The district court admitted the plaintiff's statistical evidence but stated that because the statistical evidence was unavailable to the employer, it "is not beneficial to Plaintiff in this case." It is unclear whether the district court declined to consider the statistical evidence. For the reason noted above, if the district court did not consider the statistical evidence, it erred. But even if the district court did not consider the statistical evidence, we conclude that the evidence is so lacking in probative value that it is unnecessary to remand the case to permit the district court to consider it.


We conclude that the district court's finding that West terminated Dr. Davis' staff privileges for performing inadequate, substandard medical care rather than for a racially motivated reason is supported by substantial evidence.



Davis' Title VII claim was brought only against West. Davis sought to amend his complaint to add as defendants to the Title VII claim the same individual defendants that were named in the section 1981 and Texas tort law claims. The district court denied appellant's motion to amend on grounds that the individuals could not be added as defendants because they had not been named in the EEOC charge.


In Guerra v. Manchester Terminal Corp., 498 F.2d 641, 647 n. 6 (5th Cir.1974), we declined to decide whether failure to name a party in the EEOC charge precluded a Title VII action against that party and it is unnecessary to decide the question in this case. See Sedlacek v. Hach, 752 F.2d 333, 336 (8th Cir.1985); Arnold v. Consolidated Freight Ways, Inc., 399 F.Supp. 76 (S.D.Tex.1975). Even if Davis had been permitted to amend his petition to name the agents and employees of West it would not have affected the outcome of this case. Appellant sought to impose liability against West for the discriminatory acts of West's employees and representatives including the individuals Davis sought to name as defendants. Unfortunately for Davis he did not succeed in this effort. Davis did not seek to allege in the amendment that these individual agents committed discriminatory acts outside the scope of their employment with West; thus an action against the individual employees would have been no more productive than the action against West.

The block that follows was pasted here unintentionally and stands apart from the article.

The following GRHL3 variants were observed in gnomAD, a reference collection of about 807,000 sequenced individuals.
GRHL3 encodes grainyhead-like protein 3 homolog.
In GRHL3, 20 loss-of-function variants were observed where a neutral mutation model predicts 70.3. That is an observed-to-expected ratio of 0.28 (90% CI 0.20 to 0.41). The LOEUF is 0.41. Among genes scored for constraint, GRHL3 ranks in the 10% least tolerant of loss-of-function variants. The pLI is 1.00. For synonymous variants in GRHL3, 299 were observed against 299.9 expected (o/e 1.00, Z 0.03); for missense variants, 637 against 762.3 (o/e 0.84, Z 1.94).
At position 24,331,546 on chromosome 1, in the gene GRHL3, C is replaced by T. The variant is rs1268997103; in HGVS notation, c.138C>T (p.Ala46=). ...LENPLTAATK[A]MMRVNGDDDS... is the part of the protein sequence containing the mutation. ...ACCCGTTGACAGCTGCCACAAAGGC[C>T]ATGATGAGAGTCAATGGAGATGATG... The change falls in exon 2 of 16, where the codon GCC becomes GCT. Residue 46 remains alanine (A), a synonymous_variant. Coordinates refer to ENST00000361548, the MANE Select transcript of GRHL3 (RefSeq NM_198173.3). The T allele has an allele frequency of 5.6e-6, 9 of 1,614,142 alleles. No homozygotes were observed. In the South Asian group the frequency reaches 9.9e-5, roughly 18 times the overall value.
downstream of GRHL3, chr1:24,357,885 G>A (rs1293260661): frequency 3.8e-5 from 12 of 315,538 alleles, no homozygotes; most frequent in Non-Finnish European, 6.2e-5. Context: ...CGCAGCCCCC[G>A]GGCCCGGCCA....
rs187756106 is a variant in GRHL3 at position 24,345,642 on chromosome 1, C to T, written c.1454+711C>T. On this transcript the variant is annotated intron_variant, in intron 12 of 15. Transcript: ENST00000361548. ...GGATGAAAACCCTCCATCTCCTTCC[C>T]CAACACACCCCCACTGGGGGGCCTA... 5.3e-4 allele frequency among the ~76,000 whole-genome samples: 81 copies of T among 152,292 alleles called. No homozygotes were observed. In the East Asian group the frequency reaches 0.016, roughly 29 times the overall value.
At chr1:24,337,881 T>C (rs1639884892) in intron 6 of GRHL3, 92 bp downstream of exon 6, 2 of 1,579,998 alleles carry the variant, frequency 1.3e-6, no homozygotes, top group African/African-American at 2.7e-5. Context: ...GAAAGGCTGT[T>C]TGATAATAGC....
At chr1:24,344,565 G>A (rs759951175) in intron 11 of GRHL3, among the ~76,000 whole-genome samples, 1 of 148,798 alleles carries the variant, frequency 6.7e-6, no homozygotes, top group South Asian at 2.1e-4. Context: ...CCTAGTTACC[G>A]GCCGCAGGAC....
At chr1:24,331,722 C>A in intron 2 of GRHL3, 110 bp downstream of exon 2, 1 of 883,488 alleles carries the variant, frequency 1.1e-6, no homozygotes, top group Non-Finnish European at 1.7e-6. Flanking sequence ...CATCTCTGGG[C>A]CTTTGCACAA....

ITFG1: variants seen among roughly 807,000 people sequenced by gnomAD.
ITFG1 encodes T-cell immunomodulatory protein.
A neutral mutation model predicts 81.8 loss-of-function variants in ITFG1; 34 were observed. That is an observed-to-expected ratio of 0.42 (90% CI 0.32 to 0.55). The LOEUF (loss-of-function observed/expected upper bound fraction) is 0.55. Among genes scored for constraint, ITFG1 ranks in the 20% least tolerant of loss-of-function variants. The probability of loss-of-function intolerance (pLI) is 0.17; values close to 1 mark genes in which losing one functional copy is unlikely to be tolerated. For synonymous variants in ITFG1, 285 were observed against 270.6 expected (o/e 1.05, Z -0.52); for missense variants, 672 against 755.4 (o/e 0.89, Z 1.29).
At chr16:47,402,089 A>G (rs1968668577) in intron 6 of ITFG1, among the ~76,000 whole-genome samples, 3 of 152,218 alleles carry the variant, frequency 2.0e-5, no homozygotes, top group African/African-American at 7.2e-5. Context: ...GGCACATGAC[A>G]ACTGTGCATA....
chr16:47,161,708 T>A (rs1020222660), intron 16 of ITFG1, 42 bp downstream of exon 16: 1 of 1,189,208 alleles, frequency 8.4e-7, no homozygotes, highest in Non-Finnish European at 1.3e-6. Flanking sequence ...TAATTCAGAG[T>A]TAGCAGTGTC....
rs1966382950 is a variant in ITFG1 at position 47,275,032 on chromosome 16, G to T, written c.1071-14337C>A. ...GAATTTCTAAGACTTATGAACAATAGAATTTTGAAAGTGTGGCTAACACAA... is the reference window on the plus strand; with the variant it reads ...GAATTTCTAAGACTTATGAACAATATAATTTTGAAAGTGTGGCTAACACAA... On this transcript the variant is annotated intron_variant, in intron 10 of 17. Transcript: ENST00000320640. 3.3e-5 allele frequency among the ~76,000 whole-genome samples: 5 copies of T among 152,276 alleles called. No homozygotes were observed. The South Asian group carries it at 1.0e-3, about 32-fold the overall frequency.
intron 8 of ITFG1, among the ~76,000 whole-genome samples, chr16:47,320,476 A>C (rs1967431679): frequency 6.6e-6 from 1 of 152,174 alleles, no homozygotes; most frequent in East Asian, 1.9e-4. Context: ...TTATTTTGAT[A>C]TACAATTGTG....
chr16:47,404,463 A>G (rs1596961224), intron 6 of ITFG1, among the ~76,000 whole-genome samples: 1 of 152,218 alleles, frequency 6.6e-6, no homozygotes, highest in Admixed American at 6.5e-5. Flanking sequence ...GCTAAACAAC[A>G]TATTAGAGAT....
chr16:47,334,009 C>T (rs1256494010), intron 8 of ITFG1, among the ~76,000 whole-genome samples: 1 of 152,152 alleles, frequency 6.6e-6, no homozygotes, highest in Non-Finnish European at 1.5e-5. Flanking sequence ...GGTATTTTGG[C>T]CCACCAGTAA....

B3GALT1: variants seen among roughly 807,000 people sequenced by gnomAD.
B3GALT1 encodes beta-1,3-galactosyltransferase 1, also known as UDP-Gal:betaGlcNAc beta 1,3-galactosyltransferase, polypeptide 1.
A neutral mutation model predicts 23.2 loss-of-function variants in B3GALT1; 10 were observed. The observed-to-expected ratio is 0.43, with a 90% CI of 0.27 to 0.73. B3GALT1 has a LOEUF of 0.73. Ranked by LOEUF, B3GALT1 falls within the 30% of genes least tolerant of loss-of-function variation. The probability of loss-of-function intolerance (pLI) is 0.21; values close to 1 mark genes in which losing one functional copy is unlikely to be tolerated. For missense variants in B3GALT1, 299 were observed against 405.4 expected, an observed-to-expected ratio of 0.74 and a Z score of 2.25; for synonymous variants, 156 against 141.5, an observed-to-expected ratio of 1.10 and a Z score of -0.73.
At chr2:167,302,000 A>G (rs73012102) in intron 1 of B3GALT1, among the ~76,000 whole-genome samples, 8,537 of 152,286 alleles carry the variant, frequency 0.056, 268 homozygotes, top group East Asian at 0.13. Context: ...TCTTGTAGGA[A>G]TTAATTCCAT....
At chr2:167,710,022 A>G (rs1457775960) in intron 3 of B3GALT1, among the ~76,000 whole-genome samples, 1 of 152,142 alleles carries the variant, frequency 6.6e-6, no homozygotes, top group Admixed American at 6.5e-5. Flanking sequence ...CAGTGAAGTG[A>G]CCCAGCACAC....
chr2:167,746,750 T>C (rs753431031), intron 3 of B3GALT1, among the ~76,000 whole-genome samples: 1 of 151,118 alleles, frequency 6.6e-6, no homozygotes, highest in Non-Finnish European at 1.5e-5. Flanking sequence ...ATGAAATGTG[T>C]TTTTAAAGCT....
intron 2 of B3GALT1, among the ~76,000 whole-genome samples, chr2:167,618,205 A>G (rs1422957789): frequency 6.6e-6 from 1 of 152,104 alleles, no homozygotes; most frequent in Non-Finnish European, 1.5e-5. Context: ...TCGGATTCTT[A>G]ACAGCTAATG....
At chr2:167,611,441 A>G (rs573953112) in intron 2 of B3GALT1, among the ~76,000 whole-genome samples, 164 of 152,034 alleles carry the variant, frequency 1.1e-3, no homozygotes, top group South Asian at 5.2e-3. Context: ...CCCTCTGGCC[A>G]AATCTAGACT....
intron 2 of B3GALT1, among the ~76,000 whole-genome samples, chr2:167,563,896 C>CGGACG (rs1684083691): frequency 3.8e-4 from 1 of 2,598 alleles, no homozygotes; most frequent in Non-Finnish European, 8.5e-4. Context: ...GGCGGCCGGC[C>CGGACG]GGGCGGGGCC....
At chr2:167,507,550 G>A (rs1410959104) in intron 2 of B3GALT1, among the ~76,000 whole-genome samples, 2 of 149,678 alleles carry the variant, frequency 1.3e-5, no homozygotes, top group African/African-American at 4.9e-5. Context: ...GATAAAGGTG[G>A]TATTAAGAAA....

ALVIN B. RUBIN, Circuit Judge, dissenting.


Whether Dr. Davis was in fact a good doctor who was the victim of racial discrimination or whether he failed to adhere to proper medical standards and was removed from the hospital staff for good cause, we do not, and may never, know, for we must decide this case only on the basis of what the record shows. Based on that, I would reach a conclusion different from the one my brothers reach. I, therefore, respectfully dissent.


We all agree that the district court erred in dismissing this case for want of jurisdiction and in failing to consider the statistical evidence. Both of these errors result from an analysis so patently strained and so clearly incorrect as to indicate an attitude that must certainly have influenced the court's findings on other issues. Although we can cure the jurisdictional error, I do not think that we, as an appellate court, can, or should, evaluate de novo the weight of the statistical evidence.1